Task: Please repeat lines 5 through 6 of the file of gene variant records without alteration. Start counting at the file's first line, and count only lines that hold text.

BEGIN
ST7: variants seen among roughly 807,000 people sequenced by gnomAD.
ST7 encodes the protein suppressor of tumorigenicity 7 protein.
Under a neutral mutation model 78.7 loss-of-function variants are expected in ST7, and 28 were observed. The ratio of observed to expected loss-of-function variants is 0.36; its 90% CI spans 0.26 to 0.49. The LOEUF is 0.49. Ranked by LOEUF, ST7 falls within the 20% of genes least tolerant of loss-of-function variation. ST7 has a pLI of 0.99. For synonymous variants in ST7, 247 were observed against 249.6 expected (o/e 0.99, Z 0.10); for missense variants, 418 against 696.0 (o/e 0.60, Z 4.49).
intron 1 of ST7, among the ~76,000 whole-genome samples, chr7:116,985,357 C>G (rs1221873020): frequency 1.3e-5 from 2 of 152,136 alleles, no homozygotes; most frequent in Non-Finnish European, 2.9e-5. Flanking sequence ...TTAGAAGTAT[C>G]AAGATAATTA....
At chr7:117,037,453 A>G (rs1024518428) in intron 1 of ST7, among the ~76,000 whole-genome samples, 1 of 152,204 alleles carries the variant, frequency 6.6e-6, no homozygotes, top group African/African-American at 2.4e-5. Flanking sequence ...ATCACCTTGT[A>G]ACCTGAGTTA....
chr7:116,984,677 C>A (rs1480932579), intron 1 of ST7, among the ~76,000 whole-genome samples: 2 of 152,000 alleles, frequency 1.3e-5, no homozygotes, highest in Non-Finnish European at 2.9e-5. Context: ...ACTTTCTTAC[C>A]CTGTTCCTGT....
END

At chr7:117,037,453 A>G (rs1024518428) in intron 1 of ST7, among the ~76,000 whole-genome samples, 1 of 152,204 alleles carries the variant, frequency 6.6e-6, no homozygotes, top group African/African-American at 2.4e-5. Flanking sequence ...ATCACCTTGT[A>G]ACCTGAGTTA....
chr7:116,984,677 C>A (rs1480932579), intron 1 of ST7, among the ~76,000 whole-genome samples: 2 of 152,000 alleles, frequency 1.3e-5, no homozygotes, highest in Non-Finnish European at 2.9e-5. Context: ...ACTTTCTTAC[C>A]CTGTTCCTGT....